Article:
Thursday, April 28, 2016
The Revolution Will Not Be Televised
It's over. There, I said it, and the Heavens didn't come crashing down. Hillary Clinton, by virtue of her performance Tuesday, has ostensibly locked up the nomination. Including her victory in New York last week, Clinton has now won five of the last six states, four of them by huge margins, netting 84 delegates and wiping out the gains Bernie Sanders had made during his run.
We are now pretty much back where we started a month ago. Hillary is ahead by roughly 293 delegates. I say roughly because there are a still a couple of delegates left to apportion. Sanders' supporters might not want to admit it, but the numbers don't lie. He's not just losing ground, he's getting pummeled. And the rest of the calendar doesn't bode well for him. There are 1,016 delegates still up for grabs in May and June. Even if Sanders were to win 60 percent of them - and keep in mind he's trailing in Indiana, California and New Jersey - Clinton would still win by 89 delegates. That's 27 more than Obama beat her by in '08. Climbing Mount Everest would be child's play by comparison.
So what does Sanders do? Better still, what do his supporters do? Because that's the real dilemma here. As much as Clinton has dominated this race her chances in November hinge on what they do, or don't do. And if the posts I've been reading on Facebook are any indication, Hillary has some serious butt kissing to do over the next couple of months. Because as it stands now, some of Bernie's supporters would rather impale themselves on a rusty fence than pull the lever for her.
To some extent this is not a new phenomenon within the progressive movement. We hear a lot about how unhinged the Right is, and that is certainly true, but the Left is no stranger when it comes to being lost in space. How lost? Try this on for size. Some actually feel that letting Trump win would be a good thing because it would teach the country a lesson and allow for the real revolution they've been craving for ever since Bobby Kennedy said, "Now it's on to Chicago and let's win there."
And that's why Bernie Sanders has to step in sooner rather than later and get his supporters back down to planet Earth. He cannot go to the convention in an attempt to wrest the nomination from Clinton. For one thing, he'll be on his own. Most progressive groups have already publicly stated they will support whoever the pledged delegate leader is, even if it is Hillary. The only thing a contested convention would get him is a divided party and a tarnished legacy.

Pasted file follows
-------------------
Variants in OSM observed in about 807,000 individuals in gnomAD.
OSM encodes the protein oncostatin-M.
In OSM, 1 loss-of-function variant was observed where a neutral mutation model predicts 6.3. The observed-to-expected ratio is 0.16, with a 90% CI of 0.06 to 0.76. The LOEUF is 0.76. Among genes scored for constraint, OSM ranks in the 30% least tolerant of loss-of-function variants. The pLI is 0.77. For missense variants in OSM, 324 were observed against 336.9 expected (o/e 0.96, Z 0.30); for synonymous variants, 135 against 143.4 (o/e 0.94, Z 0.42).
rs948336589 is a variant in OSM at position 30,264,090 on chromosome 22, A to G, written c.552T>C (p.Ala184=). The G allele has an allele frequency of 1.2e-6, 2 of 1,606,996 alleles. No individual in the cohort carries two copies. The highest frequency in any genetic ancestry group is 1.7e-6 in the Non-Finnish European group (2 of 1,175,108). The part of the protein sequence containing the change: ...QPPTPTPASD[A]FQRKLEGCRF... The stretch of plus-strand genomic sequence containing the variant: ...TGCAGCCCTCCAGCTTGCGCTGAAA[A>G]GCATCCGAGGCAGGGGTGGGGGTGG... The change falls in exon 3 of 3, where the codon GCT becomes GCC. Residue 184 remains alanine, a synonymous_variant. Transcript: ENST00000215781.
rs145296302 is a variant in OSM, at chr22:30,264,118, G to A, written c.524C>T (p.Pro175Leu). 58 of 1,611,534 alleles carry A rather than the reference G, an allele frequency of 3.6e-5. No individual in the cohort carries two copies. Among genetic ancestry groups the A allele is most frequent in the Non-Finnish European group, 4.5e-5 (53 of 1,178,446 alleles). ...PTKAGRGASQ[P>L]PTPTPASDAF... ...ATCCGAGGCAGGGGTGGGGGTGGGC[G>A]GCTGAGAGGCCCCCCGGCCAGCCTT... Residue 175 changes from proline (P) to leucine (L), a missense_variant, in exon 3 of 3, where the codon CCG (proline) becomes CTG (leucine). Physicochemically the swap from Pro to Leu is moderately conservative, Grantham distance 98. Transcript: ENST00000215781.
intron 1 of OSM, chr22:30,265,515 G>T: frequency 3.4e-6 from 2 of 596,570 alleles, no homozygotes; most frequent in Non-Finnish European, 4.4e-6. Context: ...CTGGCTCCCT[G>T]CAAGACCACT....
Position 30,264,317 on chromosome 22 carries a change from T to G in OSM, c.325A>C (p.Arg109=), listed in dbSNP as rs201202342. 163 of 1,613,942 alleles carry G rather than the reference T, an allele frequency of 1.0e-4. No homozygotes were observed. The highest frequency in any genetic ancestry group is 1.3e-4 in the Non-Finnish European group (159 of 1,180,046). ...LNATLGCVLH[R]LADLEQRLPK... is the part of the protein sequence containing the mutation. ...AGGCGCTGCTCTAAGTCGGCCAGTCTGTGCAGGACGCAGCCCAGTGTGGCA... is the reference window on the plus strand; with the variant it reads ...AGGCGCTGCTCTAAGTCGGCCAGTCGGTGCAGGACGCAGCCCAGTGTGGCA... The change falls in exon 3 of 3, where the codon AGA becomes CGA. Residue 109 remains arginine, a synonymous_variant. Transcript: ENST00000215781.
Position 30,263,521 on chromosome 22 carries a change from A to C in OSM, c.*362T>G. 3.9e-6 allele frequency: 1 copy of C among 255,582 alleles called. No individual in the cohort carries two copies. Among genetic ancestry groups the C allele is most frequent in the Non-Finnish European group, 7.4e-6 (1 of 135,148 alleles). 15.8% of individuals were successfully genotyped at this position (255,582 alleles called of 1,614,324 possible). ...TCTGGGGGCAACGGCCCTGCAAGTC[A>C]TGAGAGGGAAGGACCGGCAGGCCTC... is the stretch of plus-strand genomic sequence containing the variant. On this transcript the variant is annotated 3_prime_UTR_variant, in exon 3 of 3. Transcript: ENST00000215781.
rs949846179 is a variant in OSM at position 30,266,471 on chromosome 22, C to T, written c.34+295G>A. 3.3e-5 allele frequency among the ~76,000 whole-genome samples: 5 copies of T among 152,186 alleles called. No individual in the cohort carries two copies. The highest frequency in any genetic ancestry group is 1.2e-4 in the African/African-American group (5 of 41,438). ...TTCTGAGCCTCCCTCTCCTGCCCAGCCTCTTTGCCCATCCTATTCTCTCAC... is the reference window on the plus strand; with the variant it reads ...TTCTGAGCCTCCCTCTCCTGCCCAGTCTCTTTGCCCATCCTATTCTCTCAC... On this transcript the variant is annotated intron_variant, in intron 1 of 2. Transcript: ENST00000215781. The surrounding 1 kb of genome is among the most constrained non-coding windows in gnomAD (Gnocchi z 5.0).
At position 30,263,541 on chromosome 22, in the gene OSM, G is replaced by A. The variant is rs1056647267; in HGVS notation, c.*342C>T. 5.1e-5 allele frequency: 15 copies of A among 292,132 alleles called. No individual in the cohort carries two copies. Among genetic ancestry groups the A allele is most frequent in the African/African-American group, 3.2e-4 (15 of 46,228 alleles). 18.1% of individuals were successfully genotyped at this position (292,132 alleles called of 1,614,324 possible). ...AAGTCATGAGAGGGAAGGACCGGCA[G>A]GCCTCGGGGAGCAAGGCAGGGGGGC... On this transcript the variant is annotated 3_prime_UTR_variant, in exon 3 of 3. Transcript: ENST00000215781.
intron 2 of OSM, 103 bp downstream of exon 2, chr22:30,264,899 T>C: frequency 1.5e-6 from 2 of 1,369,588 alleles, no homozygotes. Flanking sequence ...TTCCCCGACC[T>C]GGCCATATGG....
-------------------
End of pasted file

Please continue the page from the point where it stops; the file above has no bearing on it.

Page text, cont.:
He doesn't have to pull out. He certainly has a right, just as Clinton did in '08, to see this through to the end. His supporters also have the right to vote for him, just like Hillary's supporters did for her eight years ago. But when the countin' is done, Bernie has to do what Hillary did. He has to give up the ghost and call it a night. Anything other than that would be catastrophic come the fall.
As for Hillary, she has to be magnanimous, something she has struggled with over her many years in public service. Let's face it, she's almost as sore a winner as she was a loser. She has to put behind her all the slings and arrows the Sanders campaign has launched at her over the last few months and begin to build a bridge that he can walk across. Besides, if she thinks Bernie was rough, wait until she's facing Trump in a one on one.
She should thank Sanders for two things: first, for making her a better and stronger candidate for the general; and second, for pushing her farther to the left than she would've gone. As Michael Tomasky correctly pointed out, America is in large part a liberal nation. Maybe not on all fronts, but certainly on a lot. From income inequality to equal rights, most voters are far more likely to agree with Bernie Sanders than Ted Cruz. And that's certainly good news for Democrats this year.
That's why Bernie's campaign was so vital to Clinton's chances. If she had simply run on the legacy of her husband, like she was probably going to do, she might well have lost. Hell she still could. Not because Bill wasn't a good president, but because most millennials were teenagers when he was in office. They remember Pearl Jam and Green Day, for sure, but Bubba? I wouldn't go betting the kid's tuition if I were you. Besides, nostalgia is not something the Left tends to embrace; that's the other side of the aisle you're thinking of. Most of these people weren't old enough to vote until '04. For some, Barack Obama was their first love. Bill Clinton might as well be George Washington.
But with the support of Sanders and, yes, Elizabeth Warren, Clinton will not only have the issues on her side but most progressives, as well. If you need a reminder of what happens to Democrats when progressives stay home, just take a look at the 2014 midterm election results. Remember what Obama said immediately after? "To everyone who voted, I want you to know that I hear you. To the two thirds of voters who chose not to participate in the process yesterday, I hear you too."
If I'm Hillary Clinton, I'd commit those words to memory.